Wednesday, July 13, 2011

Tour de Fleece - Days 6 - 11

Uh, whoops! Forgot to post for a few days there!

Day 6
TdF11 - Day 6

Corespun Hobbledehoy ArtBatt. We're talking soft wools, locks, bling, and angora spun around a cotton core. My favorite! About 40 yards, I think.

Day 7
TdF11 - Day 7

Finally started spinning my challenge yarn that counts towards both Team Raw Power! and Team A Spinner's Study. This is a singles yarn from Gulf Coast Native wool, which I processed from raw fleece. For Team Raw Power!, you must process 1 lb. of raw fleece into yarn. For Team A Spinner's Study, I'm doing Challenge #1, which is to spin a wool breed (or any fiber, I s'pose) which is new to me. Gulf Coast Native sheep are native to northwest Florida! They were brought there by Spanish settlers (think St. Augustine) and gradually adapted to their surroundings. The wool is moderately soft...soft enough for the blanket I'm planning (I think), but should hold up better than the ridiculously soft stuff. Nice to spin some yarn with some teeth.

Day 8
TdF11 -  Day 8

Here we have the first plied skein of Gulf Coast Native wool. Whoo hoo! About 180 yards.

Day 9
TdF11 - Day 9

Silk spinning from bombyx silk combed top. Yeah. I'm crazy. This skein is going to be eensy. Maybe I'll weave with it!

Day 10

Day of Rest from the Tour! However, I didn't rest...this was my LYS's spin-in day. So I went to that and spun more silk, which would be a boring photo.

Day 11
TdF11 - Day 11

The silk spinning goes on! But I also finished my second skein of the GCN fleece. Whoopity whoop!

And just for reference, here is a pic of the Basket o' Fun as it looked on Day 7:

TdF11 Basket o' Fun - Day 6

Wednesday, July 6, 2011

Tour de Fleece - Day 5

FINISHED! With the mohair boucle of crazy! 121 yards.

TdF11 Day 5 - Mohair Boucle Yarn

Gosh, it feels good to say that. Finished. Yay. Not that I didn't enjoy the process, it's just a long one, and I kept screwing up. First, I had to tease apart all the mohair, which took awhile. Then I spun the singles from the cloud, so that tends to mean fighting the fiber a bit. Mistake #1: spinning the singles Z instead of S. Then I plied with a commercial 80/20 angora/silk weaving yarn. Mistake #2: not putting in enough twist in this first S ply. Then I tried to add the binder thread by spinning Z again, effectively cabling the yarn. Unfortunately, without a huge amount of twist in the first round of plying, most of the neat boucle effect began to even out. This wouldn't have been as noticeable if I hadn't spun the singles in the wrong direction, but what can you say. Dang. So I cut off what I'd done so far and sent the first round of plying back through the wheel, adding more twist. Turns out it still wasn't quite enough twist, but by this time I'd had it, and just cabled the whole thing with the tencel binder thread.

Oh, well. Still looks pretty cool. Might use this for weaving.

TdF11 Day 5 - Mohair Boucle Yarn

Mileage check-in: 252 yards spun & plied

Tour de Fleece - Day 4

This is the mohair that never ends!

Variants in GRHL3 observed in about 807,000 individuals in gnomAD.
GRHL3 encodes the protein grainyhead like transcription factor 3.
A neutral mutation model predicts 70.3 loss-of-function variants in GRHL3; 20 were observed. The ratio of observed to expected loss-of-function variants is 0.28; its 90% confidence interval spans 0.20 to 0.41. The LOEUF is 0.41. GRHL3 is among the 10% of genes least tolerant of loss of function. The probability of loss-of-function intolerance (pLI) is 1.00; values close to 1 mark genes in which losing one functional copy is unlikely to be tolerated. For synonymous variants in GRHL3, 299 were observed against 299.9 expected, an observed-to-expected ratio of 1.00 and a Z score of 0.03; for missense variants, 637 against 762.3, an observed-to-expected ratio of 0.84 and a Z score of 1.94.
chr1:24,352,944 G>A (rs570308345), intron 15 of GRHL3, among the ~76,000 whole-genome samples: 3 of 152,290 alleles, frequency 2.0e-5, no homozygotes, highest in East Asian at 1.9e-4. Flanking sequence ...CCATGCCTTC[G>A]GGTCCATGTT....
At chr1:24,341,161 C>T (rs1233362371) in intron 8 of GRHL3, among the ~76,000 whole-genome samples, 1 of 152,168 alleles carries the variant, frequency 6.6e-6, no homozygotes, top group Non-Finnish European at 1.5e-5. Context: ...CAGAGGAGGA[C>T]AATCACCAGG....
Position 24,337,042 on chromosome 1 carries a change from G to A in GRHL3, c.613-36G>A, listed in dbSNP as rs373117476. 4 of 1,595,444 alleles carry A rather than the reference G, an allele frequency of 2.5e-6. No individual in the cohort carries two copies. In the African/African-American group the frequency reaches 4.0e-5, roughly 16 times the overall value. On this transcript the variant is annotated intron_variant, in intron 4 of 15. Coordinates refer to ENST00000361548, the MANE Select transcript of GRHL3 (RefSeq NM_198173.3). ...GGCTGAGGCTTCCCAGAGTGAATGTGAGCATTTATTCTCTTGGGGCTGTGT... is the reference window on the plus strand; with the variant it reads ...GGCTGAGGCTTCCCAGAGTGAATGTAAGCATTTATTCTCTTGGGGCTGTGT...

Being plied with commercial alpaca/silk weaving yarn:

TdF11 Day 4 - Mohair boucle being plied

Tuesday, July 5, 2011

Tour de Fleece - Day 3

Considering it was eleventy billion degrees inside my apartment on Day 3 of the tour (the high in Boulder was 100 degrees. Not okay.), I trucked my Kiwi outside and started on a mohair boucle yarn.

I began with luscious kid mohair locks from Kai Mohair, teased them apart, and spun "from the cloud."

The bobbin took awhile to fill, and I was moving at a snail's pace. My neighbors and I were gathered at the creek, since staying in our apartments was not advised, and we were a little lethargic.

I didn't get enormously far, but I did start plying the mohair with a pretty alpaca/silk thread. I'll probably finish that ply today before putting in a binder ply to hold it all together. Not sure what possessed me to do such a labor intensive yarn, especially because I'm on the Sprinters TdF team and we're supposed to spin like a mile or something, but I've never done a true mohair boucle before and wanted to give it a shot.

It was kind of too bad that the creek was snow melt and just dipping your feet in there could give you hypothermia (or at least in theory...Josh's feet were bright pink after a few seconds), but it did motivate us to gather the neighbors and head for the hills. Nederland, up in the mountains, was about 20 degrees cooler and had a fantastic fireworks display! Wishing everyone a happy 4th!

Monday, July 4, 2011

Tour de Fleece - Day 2!

Today: The merino/silk/sparkle singles yarn...onward! Since I'm not enamored with this yarn, I decided to navajo (chain) ply it, mostly to quickly free up the bobbin for things I like a little more.

Tour de Fleece, Day 2

12 WPI - sport weight
131 yards
semiworsted: drumcarded prep, spun mostly woollen but sometimes worsted because I became laaaaaazy about it.

Saturday, July 2, 2011

Tour de Fleece...and we're off!

Le Tour in pictures! Here we go. Day 1.

I had a merino/silk/sparkle batt that I finished spinning this morning on my Kiwi. I'm not super excited about it, and continue to be befuddled by the pull of pink. I don't even like pink. Or wear it. So why do I spin so much of it? It is a Mystery. Since it's not my favorite, I'm punishing it by making its photo small. Anyway, here is the bobbin, getting ready to be navajo-plyed:

TdF 2011 Day 1

I'll get to plying that puppy tomorrow, but in the meantime, I gathered together some other fibers that I'm definitely going to tackle during the Tour. We've got a lb. of Gulf Coast Native fleece, some Rambouillet I dyed a deep wine (carding this tomorrow), a FABULOUS Hobbledehoy ArtBatt, some lovely mohair by Kai Mohair in Texas (I just can't pass by that "salad bar" of dyed mohair without buying some!) and a gorgeous little braid of mulberry silk. Yum.

Then after breaky, Josh and I left for Micah and Kelly's farm, as Josh's & Micah's dad is in town and the three of them were going to build a gate for the front porch. My interest in gate-building is...uh...maybe 1%, so I was satisfied to sit on the porch with a cute pup and spin some Targhee batts I'd carded pre-Tour.

All was going swimmingly. Until this happened:

Sob! broken conrod joint! A flat on the first day of the Tour! Well, dang it. Tomorrow I guess I'll break out the superglue and/or duct tape and go to town on my poor, crippled Victoria. In the meantime, I still have the Kiwi! And this serves as your public service announcement: always be sure to own at least two spinning wheels.

Friday, July 1, 2011

Gearing up...

Boom! Two posts in one day! That's right!

This one is more of an organizational mini-post, though. Tour de Fleece starts tomorrow, and I need to get all my ducks in a row. YEEEEEHAW!